After the initial four treatments (the big ones) I had 12 weekly mini-treatments of only Taxol. My last chemo treatment was September 28, 2012. I baked pink cupcakes for the staff at the chemo center, and I was so happy to ring the chemo bell! This was one step closer to it being over. The next step was surgery on November 22, 2012.
After chemo the doctors determined my tumor had shrunk in half. I only cared what the reoccurrence statistics were. They determined with my treatment plan and with a lumpectomy, my reoccurrence chance was 15%. I was only 37 years old, and that number was too high. I asked what the reoccurrence chance if I had a double mastectomy along with my treatment plan. They said less than 1%. That was a no brainer. Change of plans double mastectomy it is.
I met with a reconstructive plastic surgeon. At my surgery, he put in temporary spacers until after I had & healed from radiation therapy. From early Jan-to end of February I had radiation treatments everyday Monday-Friday. I would stop and get them on my way to work every morning. In the beginning, they were fairly easy. But, the fatigue and stress accumulates with every treatment. I had my final reconstruction surgery April 9, 2013. Three days shy of one year from my diagnosis.
8. Were there any programs or services offered to you helped with the treatment process?
The American Cancer Society & the St. Joe’s staff were instrumental in offering support. St. Joe’s offered various services from counseling, dietician, massage therapist, hair salon & clothing. My favorite, were the therapy dogs that would sit me during chemo.
The St. Joe’s Women’s Health Center had a wonderful nurse navigator that called me the next day after receiving the diagnosis. I was still processing the news, but she walked me through what was happening.
The American Cancer Society was also instrumental in providing support at my chemo and radiation treatments. The side effects of chemo & radiation sometimes happened so fast. They were there to provide counseling, scarves or wigs, books etc.
9. Did you face any obstacles during your treatment process? If so, how did you overcome them?
Lots of obstacles. Mostly I prayed my counts were high enough each week to get chemo. I had to postpone one week when my cell counts had dropped too low. The toughest parts of chemo were losing my finger nails, hair, eye brows and I ended up with sores in my mouth. So eating and drinking was tough. Towards the end of radiation I had a rather large severe burn from radiation.
10. What message would you like to provide women in the community?
When the doctor recommends the prescription mouth rinse for mouth sores or burn cream for radiation burn use it! I insisted on no narcotics during my treatment but I should have treated my side effects.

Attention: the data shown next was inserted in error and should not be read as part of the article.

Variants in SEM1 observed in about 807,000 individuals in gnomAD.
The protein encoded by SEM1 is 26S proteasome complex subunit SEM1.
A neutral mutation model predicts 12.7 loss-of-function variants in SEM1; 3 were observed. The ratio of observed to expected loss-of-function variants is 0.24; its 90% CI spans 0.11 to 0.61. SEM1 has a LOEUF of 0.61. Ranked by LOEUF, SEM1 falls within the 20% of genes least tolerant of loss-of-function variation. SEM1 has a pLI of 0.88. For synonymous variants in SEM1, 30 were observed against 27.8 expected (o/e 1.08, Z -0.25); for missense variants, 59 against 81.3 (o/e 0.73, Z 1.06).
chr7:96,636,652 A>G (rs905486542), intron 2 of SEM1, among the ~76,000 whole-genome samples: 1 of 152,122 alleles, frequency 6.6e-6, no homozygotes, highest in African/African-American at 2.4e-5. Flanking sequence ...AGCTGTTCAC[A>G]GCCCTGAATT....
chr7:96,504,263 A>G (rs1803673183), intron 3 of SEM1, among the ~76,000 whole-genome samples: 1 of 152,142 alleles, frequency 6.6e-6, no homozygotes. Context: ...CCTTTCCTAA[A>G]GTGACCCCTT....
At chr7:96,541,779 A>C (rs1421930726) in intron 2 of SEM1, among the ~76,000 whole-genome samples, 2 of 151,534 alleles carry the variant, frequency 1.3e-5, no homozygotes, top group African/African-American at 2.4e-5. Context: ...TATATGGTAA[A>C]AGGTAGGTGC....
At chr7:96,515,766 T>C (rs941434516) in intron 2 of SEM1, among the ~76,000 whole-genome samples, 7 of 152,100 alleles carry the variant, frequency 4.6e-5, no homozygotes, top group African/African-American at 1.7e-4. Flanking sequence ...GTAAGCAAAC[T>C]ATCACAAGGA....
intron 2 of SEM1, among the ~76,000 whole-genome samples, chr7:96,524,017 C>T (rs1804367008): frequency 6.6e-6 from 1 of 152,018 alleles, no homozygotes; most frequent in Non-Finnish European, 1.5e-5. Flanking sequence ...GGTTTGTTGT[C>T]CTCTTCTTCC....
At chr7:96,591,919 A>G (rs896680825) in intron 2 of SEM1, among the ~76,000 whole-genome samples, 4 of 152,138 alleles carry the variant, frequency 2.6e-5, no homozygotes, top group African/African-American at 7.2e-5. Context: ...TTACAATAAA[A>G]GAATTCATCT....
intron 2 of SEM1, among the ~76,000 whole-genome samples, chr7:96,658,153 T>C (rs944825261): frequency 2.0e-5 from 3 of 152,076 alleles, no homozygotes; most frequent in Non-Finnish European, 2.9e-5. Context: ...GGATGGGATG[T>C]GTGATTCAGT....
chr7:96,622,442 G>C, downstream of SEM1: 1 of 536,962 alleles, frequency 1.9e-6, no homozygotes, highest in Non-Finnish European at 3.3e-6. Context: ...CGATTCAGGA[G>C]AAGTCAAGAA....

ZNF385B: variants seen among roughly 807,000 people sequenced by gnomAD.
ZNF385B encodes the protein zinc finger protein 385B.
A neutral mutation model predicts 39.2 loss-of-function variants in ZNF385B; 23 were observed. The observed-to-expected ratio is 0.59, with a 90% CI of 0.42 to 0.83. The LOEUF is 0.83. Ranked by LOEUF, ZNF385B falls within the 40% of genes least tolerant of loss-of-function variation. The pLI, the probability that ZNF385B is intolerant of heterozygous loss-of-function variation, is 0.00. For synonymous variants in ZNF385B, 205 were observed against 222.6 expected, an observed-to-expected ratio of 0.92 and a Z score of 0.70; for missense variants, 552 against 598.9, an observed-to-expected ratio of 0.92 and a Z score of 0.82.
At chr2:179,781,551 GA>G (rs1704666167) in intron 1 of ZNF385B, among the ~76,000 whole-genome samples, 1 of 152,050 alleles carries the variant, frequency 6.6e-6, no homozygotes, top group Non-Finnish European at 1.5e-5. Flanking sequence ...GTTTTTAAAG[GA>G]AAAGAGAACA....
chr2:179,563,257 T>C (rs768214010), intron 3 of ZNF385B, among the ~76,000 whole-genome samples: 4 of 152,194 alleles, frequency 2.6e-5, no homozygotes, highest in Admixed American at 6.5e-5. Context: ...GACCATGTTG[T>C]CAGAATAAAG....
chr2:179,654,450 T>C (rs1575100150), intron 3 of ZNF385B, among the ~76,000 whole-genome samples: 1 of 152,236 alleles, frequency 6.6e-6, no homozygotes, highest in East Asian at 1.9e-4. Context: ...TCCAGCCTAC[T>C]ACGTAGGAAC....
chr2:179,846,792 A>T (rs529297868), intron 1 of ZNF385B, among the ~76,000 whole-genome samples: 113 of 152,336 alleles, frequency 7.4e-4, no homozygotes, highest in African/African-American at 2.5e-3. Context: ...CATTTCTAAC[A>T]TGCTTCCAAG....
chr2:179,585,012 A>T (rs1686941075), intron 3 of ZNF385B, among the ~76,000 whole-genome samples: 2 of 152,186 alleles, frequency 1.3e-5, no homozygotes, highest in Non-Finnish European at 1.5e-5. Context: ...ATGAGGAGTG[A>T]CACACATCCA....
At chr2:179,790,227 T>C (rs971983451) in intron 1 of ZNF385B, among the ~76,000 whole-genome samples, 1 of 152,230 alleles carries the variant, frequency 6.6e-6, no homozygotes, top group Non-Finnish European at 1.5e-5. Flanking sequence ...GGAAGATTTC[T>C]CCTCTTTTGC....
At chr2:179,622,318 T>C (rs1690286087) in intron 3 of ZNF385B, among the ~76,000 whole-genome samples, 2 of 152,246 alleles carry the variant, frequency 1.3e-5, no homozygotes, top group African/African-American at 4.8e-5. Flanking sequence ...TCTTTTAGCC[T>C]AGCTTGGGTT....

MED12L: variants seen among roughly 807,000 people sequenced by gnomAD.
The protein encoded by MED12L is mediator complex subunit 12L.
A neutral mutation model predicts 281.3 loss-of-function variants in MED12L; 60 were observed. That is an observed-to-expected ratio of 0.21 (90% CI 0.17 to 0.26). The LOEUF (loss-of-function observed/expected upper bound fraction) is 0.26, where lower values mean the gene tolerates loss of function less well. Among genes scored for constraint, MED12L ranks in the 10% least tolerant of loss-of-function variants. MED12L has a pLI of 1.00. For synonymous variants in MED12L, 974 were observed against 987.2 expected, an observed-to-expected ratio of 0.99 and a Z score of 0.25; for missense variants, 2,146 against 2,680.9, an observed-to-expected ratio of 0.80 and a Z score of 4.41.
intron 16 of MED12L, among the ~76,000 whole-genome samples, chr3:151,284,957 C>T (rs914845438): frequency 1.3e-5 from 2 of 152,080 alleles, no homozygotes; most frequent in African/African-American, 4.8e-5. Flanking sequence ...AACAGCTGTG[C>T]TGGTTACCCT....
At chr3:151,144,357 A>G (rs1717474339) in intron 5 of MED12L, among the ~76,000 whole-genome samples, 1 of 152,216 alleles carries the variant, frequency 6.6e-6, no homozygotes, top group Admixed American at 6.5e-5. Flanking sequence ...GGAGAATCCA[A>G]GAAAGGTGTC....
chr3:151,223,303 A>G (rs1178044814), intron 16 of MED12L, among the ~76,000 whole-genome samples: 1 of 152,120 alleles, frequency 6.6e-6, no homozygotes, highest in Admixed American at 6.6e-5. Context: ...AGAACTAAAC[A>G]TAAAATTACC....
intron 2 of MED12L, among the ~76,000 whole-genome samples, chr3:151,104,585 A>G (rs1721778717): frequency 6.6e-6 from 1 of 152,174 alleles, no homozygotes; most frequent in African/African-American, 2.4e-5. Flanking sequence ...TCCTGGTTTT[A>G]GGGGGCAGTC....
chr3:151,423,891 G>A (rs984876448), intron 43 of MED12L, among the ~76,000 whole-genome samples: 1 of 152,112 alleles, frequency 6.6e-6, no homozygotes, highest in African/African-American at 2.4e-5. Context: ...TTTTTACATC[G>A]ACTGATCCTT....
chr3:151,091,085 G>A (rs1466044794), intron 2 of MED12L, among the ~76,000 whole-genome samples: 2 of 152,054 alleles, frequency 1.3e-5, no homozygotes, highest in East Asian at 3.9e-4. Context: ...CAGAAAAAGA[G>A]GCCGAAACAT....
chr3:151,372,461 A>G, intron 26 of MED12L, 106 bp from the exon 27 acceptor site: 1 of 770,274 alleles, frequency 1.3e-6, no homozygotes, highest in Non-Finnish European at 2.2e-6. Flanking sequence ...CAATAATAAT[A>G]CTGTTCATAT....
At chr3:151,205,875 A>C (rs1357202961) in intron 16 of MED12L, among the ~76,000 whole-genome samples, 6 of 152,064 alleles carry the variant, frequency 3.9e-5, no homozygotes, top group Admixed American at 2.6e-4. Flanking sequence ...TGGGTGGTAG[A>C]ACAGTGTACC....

Lean on your family friends & helpers. I had a wonderful support system at home. They let me sulk and be sick on the few occasions when I wasn’t feeling well, but not for long. My children were young and didn’t cut me any slack. Their reason “you don’t act like you’re sick”.
Listen to your body. It’s ok to slow down if you’re tired.
Use any and all resources offered to you. They want to help. You are not inconveniencing them. Usually there’s little or no cost.
Exercising was key to battling the after effects & chronic pain. I have had no pain since I started religiously working out.
Give yourself grace.
I get teased that I’m the worst spokesperson for Breast cancer. In fact this is the first year I’m participating in fundraising campaign walking 35 miles for ACS. I own very little pink clothing and accessories although pink is my favorite color!
I found my mission when friends started reaching out to me about their friends who were diagnosed and struggling. “Can they call you?” they would ask. Absolutely! I have talked numerous women “off the ledge”. They were devastated and thought this it my life is over. I have spent hours, days, and months texting and talking these women through every step of their treatments. I feel that was my calling. I was able to give them the “ you’re going to be fine” strength they needed to get through it.
You can see why Mannor Law Group is proud to have a pink ribbon warrior like Wendy on our team! Her positive attitude is a gift that keeps on giving. Not only did it help her during her own difficult times, but she is using that gift to help other breast cancer fighters on their own journeys. From diagnosis to remission and beyond, Wendy is a shining example something we try to embody here at Mannor Law Group. Life isn’t always going to be easy, but the right attitude (and planning) can make difference you need – when you need it most.